For GE Healthcare engineers, rapid injection molding allowed them to significantly accelerate the product development process by reducing the risks normally associated with multiple iterations. In addition, while waiting for their steel production molds, they were able to order approximately 500 “bridge tooling” parts from Protomold and get their product to market faster.
For additional information on the products and technologies discussed in this article, see Medical Design Technology online at www.mdtmag.com and the following websites:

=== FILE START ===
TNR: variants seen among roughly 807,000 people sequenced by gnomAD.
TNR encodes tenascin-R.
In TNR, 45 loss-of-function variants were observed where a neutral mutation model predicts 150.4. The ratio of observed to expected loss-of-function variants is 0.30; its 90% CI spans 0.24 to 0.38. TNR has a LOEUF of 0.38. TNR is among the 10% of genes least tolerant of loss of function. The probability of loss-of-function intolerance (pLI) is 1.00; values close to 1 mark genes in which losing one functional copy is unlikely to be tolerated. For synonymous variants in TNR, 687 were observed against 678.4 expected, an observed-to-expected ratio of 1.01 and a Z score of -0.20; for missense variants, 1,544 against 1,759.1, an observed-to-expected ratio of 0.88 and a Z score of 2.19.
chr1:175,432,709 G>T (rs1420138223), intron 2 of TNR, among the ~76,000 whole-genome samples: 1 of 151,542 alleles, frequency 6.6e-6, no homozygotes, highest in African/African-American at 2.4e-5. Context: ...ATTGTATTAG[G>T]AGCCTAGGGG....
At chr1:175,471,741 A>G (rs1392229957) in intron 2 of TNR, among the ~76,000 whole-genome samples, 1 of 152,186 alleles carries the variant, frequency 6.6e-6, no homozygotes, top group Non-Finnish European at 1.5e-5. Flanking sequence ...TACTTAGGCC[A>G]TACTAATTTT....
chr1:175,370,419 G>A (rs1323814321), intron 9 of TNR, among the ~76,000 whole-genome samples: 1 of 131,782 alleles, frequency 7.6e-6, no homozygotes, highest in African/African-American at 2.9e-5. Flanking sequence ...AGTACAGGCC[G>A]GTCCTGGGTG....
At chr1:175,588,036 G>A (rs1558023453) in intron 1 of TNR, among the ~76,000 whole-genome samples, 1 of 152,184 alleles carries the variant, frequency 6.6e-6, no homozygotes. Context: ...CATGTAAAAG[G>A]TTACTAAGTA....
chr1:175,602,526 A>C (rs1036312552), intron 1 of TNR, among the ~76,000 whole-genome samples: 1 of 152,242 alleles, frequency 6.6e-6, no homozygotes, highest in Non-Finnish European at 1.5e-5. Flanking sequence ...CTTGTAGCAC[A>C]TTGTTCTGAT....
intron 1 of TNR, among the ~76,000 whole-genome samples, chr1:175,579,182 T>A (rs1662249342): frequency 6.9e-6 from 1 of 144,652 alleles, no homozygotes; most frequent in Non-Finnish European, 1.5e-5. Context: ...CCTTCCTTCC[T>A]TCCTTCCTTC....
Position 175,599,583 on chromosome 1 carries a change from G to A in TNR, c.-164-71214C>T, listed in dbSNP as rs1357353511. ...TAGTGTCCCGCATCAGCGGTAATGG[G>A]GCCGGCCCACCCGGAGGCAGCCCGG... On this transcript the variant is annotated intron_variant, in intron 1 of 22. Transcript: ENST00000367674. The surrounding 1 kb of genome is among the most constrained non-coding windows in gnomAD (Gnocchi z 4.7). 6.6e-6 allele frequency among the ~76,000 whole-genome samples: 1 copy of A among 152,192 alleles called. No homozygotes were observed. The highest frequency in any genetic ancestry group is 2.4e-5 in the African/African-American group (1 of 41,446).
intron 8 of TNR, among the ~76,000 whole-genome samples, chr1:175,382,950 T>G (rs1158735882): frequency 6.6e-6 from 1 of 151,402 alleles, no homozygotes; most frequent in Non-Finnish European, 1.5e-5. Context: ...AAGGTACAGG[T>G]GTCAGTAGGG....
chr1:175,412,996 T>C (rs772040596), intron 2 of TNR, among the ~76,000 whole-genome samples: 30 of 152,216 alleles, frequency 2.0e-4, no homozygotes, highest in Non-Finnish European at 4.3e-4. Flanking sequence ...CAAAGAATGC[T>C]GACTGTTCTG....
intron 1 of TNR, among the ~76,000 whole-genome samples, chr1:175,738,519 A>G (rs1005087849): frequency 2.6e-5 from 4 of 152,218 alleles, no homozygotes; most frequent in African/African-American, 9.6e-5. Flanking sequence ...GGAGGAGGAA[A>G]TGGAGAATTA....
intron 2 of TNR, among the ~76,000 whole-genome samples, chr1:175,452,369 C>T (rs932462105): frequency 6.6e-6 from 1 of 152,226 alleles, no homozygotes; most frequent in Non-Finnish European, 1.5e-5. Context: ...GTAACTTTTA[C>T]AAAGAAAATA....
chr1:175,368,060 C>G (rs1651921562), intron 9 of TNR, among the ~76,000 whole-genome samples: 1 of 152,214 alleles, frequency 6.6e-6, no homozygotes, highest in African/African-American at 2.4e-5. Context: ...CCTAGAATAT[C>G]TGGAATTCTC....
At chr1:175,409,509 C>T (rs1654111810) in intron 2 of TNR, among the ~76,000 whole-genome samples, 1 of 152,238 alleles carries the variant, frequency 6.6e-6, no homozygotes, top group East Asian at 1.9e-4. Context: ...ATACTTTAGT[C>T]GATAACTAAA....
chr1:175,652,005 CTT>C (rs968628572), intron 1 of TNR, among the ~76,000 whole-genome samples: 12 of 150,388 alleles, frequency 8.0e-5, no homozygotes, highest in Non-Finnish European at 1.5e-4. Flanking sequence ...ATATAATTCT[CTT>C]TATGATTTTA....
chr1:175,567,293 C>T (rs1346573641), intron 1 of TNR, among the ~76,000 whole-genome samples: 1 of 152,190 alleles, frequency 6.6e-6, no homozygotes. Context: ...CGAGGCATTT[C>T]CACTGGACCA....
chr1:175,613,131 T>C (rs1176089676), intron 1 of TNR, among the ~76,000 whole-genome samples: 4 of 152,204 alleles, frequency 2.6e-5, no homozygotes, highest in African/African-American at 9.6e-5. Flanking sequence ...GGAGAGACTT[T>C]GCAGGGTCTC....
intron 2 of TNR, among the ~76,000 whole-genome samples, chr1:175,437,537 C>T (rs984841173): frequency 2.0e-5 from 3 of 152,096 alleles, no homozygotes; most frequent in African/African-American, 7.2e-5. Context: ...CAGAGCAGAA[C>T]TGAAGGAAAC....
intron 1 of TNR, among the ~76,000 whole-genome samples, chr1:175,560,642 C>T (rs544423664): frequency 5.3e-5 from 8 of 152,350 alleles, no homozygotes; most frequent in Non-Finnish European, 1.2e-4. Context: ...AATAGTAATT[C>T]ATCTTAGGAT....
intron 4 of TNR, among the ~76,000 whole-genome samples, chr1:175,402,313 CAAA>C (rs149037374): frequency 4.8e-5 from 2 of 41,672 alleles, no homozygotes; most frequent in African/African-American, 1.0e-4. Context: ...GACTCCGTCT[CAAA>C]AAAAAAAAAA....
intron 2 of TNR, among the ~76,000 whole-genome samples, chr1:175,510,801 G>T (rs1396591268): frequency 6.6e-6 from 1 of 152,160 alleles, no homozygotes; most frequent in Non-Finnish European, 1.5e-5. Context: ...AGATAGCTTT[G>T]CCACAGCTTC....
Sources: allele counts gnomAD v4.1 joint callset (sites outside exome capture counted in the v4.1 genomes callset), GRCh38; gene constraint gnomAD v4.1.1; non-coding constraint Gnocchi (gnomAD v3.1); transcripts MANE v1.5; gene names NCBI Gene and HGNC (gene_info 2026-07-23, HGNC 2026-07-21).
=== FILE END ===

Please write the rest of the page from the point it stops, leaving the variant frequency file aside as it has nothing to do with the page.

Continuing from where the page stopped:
PULSE OXIMETER FACTS
Pulse oximeters provide clinicians with a non-invasive method of monitoring the percentage of oxygenated hemoglobin (Hb) in the blood stream, testing a patient’s entire respiratory system with one simple measurement. The devices generally use a probe attached to the patient’s finger or earlobe to monitor the percentage of oxygen in the blood. The device emits light at two wavelengths, using readings from light levels to calculate the proportion of Hb that is oxygenated. If a pulse oximeter detects oxygen levels below 90 percent, an alarm sounds to warn medical staff that the patient is entering serious hypoxia, a decrease in oxygen supply to the brain that occurs despite adequate blood flow.